Discontinuation of antidepressants in patients with anxiety disorder who responded to the treatment resulted in higher relapse rates compared with patients who continued the treatment for up to 1 year, according to data published in the BMJ.
Neeltje Batelaan, MD, PhD, Department of Psychiatry and Department of Epidemiology and Biostatistics, Amsterdam Public Health Research Institute, VU University Medical Center Amsterdam, the Netherlands, and colleagues conducted a systematic review and meta-analyses including 28 studies examining relapse with a maximum 1-year follow-up period.
The results showed that antidepressant discontinuation increased the odds of relapse compared with continuing therapy (summary odds ratio, 3.11). Additionally, the time to relapse was shorter when antidepressants were discontinued (summary hazard ratio, 3.63). The relapse rate was 36.4% in patients who switched to placebo and 16.4% in patients receiving long-term use of antidepressants, but prevalence varied across studies due to varying lengths of follow-up.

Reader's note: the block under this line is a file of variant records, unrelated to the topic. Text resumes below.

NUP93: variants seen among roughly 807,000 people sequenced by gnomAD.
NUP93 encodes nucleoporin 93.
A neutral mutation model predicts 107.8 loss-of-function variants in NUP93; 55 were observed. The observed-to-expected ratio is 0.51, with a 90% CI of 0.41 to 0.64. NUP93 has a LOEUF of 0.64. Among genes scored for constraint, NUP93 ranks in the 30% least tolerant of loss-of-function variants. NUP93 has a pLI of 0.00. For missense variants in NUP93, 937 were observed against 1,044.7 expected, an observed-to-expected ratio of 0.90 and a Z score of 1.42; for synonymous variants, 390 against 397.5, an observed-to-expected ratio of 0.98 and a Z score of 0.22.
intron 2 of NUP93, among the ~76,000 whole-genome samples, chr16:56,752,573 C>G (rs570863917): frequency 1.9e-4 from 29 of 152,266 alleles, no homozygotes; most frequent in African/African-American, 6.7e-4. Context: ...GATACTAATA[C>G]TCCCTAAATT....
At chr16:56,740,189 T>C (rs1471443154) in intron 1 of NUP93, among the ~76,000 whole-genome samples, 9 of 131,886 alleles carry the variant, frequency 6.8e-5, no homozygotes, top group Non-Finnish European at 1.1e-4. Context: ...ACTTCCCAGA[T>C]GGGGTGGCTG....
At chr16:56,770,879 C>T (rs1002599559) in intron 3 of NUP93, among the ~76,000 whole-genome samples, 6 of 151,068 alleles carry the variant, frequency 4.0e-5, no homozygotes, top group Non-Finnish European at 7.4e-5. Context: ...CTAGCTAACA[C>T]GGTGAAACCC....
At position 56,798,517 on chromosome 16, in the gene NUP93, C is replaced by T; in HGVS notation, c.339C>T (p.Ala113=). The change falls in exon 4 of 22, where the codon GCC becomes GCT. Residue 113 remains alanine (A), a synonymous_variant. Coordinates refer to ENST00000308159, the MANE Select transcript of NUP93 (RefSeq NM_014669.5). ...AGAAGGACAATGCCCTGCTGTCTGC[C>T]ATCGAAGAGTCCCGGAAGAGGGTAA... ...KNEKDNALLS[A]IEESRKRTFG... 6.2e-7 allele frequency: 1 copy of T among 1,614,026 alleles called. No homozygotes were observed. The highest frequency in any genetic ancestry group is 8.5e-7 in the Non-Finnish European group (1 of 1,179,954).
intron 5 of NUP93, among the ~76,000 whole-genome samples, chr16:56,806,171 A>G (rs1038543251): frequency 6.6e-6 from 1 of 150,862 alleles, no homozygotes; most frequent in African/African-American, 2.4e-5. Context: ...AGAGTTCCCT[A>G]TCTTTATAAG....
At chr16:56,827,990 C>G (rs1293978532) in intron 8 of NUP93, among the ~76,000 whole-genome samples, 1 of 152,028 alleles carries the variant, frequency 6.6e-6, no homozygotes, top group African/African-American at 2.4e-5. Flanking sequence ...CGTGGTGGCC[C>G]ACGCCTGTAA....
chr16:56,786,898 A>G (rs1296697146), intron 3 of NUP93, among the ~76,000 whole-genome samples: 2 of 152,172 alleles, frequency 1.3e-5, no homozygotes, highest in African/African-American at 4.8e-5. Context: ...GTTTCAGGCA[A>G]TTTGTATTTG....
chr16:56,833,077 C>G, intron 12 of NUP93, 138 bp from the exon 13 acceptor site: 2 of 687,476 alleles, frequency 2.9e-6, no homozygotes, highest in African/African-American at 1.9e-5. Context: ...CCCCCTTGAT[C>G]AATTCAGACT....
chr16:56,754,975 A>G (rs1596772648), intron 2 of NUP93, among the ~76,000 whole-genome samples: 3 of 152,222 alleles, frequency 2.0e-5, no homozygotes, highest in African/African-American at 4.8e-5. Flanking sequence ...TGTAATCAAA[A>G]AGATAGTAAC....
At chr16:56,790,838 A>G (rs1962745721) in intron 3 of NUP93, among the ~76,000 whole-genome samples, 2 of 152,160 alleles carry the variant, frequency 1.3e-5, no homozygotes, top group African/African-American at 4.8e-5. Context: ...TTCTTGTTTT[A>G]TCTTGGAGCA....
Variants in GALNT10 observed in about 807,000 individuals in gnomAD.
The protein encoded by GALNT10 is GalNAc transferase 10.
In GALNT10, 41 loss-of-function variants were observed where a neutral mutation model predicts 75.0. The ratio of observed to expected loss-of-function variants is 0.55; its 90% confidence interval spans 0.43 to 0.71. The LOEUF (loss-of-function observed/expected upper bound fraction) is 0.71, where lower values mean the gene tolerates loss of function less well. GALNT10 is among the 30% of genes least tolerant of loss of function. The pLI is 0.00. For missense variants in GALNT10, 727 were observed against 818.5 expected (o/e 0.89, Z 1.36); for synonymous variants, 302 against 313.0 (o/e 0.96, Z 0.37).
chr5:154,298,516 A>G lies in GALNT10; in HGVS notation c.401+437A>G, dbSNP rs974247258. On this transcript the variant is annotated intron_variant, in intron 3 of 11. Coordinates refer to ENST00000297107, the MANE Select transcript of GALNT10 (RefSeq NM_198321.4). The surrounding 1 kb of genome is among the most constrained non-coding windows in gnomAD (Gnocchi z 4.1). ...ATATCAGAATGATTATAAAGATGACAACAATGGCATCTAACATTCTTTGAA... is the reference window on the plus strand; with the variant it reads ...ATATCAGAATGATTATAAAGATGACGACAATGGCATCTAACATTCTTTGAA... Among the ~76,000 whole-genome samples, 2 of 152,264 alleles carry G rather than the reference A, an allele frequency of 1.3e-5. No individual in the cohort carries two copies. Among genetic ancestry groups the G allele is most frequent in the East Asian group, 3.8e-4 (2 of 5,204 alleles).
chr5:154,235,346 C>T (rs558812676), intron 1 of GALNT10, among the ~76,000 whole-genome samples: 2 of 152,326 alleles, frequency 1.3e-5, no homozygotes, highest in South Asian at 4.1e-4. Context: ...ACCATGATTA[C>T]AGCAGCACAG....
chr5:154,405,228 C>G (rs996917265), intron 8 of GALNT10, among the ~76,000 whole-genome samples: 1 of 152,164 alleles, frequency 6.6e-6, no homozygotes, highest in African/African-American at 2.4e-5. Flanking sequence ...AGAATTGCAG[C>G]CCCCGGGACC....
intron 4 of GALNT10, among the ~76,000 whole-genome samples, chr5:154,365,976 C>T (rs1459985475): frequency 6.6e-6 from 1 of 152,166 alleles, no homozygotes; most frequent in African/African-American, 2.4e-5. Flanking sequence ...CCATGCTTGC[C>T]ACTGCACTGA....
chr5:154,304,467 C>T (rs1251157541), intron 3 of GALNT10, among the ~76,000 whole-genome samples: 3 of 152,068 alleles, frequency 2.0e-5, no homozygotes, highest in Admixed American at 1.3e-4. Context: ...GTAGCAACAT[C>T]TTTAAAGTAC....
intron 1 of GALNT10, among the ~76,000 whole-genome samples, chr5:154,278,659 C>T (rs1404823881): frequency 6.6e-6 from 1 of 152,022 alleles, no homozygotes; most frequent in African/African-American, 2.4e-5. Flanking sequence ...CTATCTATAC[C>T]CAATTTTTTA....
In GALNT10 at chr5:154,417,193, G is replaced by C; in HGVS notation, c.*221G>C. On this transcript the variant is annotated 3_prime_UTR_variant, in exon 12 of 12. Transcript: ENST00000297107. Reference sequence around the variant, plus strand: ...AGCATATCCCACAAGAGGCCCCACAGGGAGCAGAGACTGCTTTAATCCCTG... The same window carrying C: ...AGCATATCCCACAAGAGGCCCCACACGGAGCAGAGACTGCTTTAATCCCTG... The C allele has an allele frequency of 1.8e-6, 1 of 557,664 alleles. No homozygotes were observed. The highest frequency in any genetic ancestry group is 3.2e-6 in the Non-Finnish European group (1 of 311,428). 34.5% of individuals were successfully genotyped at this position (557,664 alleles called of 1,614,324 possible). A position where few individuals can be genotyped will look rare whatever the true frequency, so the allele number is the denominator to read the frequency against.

Several exploratory subgroup analyses were also conducted, which included type of anxiety disorder, type of antidepressant, mode of discontinuation, allowing concurrent psychotherapy, and exclusion of comorbidities. However, the analyses did not affect the odds ratio of relapse.
The researchers note that for a treatment duration up to 1 year, these results suggest that antidepressants outperform placebo in preventing relapse and are well-tolerated over time.
“When considering antidepressants in acute phase treatment, the relapse risk in the case of later discontinuation needs to be discussed and evaluated from the start of the treatment,” the authors concluded. “On the basis of the evidence presented here, the advice is to continue antidepressants for at least a year.”
Batelaan NM, Bosman RC, Muntingh A, Scholten WD, Huijbregts KM, van Balkom AJLM. Risk of relapse after antidepressant discontinuation in anxiety disorders, obsessive-compulsive disorder, and post-traumatic stress disorder: systematic review and meta-analysis of relapse prevention trials [published online September 13, 2017]. BMJ. doi:10.1136/bmj.j3927